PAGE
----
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The Top Signs Of Polycystic Ovarian Syndrome

Published on 06/01/22

PCOS or Polycystic Ovarian Syndrome is a health problem that affects one in ten women during her childbearing ages. 

Although it is common, it can cause hormonal and metabolism problems that go unnoticed until a woman tries to get pregnant and can’t. Which means most women find out they have PCOS in their 20s and 30s, however, it can develop throughout any of her puberty years. 

PCOS causes an imbalance of reproductive hormones which can make becoming pregnant extremely difficult or make a woman infertile depending on the woman herself. In fact, polycystic ovarian syndrome is one of the most common causes of infertility in women. When PCOS is developed, many small fluid-filled sacs grow inside the ovaries. 

Poly meaning, many. 

So, many cysts to break down the translation. 

When the sacs, which are follicles, contain an immature egg, the egg never actually matures enough to start ovulation in a woman’s cycle. Without ovulation, a woman cannot conceive. 

Many women of all races and ethnicities are subject to developing PCOS and especially higher if a woman has a mother, sister, or aunt with PCOS or suffering from obesity. 

What Causes PCOS?

The exact causes for PCOS are unknown but what scientists do know is that some factors play a heavier role than others. Genetics play a major role as well as the chemistry of specific hormones in the body. Specifically androgens and insulin. 

High levels of androgens or otherwise referred to as the male hormones (including testosterone), can cause the development of male traits. Male-pattern baldness, thinning hair, or too much hair that develops on the face, chin, or other places of the body where males normally develop hair. This is called hirsutism, which affects about 70% of women with PCOS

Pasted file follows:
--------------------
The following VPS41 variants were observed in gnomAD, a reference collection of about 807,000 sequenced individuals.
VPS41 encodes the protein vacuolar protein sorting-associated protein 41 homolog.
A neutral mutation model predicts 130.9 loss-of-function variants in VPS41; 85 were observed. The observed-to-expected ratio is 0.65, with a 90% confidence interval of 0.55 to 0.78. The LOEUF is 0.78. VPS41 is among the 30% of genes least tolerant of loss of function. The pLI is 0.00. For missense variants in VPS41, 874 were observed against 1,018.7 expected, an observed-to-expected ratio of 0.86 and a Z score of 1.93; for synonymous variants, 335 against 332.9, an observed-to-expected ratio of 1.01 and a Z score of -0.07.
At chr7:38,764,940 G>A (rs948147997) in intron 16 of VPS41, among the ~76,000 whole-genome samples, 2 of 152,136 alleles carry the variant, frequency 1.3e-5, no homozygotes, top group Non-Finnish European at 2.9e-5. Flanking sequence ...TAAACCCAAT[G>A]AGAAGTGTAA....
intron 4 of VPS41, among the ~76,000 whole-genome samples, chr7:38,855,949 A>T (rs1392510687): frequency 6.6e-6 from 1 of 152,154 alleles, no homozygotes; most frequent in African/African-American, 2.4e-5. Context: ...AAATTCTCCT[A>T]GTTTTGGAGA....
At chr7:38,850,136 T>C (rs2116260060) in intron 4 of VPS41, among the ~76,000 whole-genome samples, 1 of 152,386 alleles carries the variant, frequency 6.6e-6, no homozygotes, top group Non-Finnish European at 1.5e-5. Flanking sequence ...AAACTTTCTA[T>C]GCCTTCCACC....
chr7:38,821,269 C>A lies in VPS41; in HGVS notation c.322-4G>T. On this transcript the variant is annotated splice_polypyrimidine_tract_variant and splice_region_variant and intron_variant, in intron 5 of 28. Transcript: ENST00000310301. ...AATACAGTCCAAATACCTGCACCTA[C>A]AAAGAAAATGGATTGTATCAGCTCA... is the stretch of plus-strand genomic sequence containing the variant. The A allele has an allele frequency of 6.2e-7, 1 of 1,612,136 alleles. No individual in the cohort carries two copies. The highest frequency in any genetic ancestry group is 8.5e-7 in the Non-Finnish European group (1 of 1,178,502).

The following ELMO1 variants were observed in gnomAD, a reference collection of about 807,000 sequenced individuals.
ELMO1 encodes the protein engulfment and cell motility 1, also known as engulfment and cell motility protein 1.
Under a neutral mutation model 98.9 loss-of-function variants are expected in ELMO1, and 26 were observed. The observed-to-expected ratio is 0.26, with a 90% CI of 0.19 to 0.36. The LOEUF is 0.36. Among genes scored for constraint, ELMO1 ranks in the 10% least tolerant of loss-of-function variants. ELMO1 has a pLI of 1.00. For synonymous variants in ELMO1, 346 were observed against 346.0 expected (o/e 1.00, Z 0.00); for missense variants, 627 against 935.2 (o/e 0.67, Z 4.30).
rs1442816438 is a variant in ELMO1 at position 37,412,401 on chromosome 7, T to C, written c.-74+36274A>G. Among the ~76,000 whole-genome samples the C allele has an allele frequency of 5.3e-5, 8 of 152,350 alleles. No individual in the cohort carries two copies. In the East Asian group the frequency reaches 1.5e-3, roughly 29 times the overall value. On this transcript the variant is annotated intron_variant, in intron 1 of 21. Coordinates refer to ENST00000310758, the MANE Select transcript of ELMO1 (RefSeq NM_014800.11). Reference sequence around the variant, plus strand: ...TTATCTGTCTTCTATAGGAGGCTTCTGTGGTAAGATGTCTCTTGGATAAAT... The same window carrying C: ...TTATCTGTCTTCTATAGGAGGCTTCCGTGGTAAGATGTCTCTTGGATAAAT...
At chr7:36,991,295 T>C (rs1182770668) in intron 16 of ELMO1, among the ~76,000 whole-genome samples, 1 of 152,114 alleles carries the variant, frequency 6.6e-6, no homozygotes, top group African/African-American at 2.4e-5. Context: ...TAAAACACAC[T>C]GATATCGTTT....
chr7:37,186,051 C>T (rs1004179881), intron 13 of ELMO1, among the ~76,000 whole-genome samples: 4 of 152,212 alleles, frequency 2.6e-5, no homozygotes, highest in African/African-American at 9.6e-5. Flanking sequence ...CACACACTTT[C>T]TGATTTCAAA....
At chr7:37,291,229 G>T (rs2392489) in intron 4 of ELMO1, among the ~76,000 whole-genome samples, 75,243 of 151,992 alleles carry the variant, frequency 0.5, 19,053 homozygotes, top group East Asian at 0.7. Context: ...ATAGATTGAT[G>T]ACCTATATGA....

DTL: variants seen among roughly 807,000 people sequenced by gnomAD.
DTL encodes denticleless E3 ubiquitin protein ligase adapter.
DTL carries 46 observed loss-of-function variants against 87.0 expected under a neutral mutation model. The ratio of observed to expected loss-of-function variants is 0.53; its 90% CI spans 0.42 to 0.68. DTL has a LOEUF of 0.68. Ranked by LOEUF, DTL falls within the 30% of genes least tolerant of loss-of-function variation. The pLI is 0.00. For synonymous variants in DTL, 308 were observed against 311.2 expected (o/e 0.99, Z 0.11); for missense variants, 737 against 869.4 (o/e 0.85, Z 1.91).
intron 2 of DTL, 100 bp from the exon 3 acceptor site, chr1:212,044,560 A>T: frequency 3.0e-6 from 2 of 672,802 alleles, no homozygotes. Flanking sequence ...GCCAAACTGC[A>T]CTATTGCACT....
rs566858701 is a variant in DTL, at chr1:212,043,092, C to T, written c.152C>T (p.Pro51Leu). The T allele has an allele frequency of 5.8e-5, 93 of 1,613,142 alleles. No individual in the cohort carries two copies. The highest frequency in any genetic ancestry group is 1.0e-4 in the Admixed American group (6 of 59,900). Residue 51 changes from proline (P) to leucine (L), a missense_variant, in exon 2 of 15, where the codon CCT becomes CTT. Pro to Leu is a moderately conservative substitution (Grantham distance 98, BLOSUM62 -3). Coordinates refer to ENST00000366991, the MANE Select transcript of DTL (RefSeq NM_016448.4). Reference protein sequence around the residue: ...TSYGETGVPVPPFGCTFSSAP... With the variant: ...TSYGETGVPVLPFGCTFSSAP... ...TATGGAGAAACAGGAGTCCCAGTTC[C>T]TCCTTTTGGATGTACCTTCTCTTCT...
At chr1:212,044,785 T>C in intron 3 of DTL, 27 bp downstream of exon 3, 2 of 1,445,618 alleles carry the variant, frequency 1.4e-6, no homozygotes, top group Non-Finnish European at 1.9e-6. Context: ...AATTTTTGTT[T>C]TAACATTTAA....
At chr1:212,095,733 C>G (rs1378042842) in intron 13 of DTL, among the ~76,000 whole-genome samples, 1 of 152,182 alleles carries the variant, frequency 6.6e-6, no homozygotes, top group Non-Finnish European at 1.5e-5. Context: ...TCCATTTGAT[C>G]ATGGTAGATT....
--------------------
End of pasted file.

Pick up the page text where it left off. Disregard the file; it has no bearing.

In addition to hormone levels, metabolism is affected by high levels of insulin. Insulin is a hormone that helps the food you consume get converted to energy. High levels of insulin can cause insulin resistance which makes the body’s cells unresponsive or less sensitive to insulin. This creates higher blood levels than the average woman. This can create a pre-diabetic patient. Or affect women with a history of diabetes, unhealthy living styles, or a lack of physical activity.


Top Symptoms of Polycystic Ovarian Syndrome:

Skin tags: excess skin flaps that tend to show up around the neck area or armpits

Acne or Oily Skin: Normally occurring around the chest, upper back, and face
Irregular menstrual cycle: some women with PCOS stop having a period, some have missed periods, or some may come more often, every 21 days or more

Heavy Bleeding: the lining of the uterus builds up a lot longer of a time which makes the period heavier than normal when the lining sheds. 

Headaches: triggered by hormones in women

Hirsutism: some women develop hair on parts of the body that men develop hair: chest, face, and back being the most common

Thinning hair: male-pattern baldness or hair loss on the scalp

Darkening of the skin: which occur around the groin, under the breasts or around the neck creases

Weight gain: or difficulty losing weight due to insulin resistance

Infertility: due to reproductive hormonal imbalances


Symptoms From Polycystic Ovarian Syndrome Linked To Other Health Problems

PCOS can be the underlying culprit to other developing health issues:

Depression and Anxiety: a common result of hormonal imbalance and women with PCOS

Endometrial Cancer: increased risk of endometrial cancer that develop from problems with ovulation, insulin resistance, obesity, and diabetes

Diabetes: studies show more than half of women with PCOS will develop diabetes or pre-diabetes before 40.
Unhealthy Cholesterol: Women with PCOS often have higher levels of bad cholesterol and low levels of good cholesterol which raises a women’s risk of heart disease

Sleep Apnea: women that suffer from obesity or being overweight can also suffer from sleep apnea that can also raise your risk of heart disease and diabetes.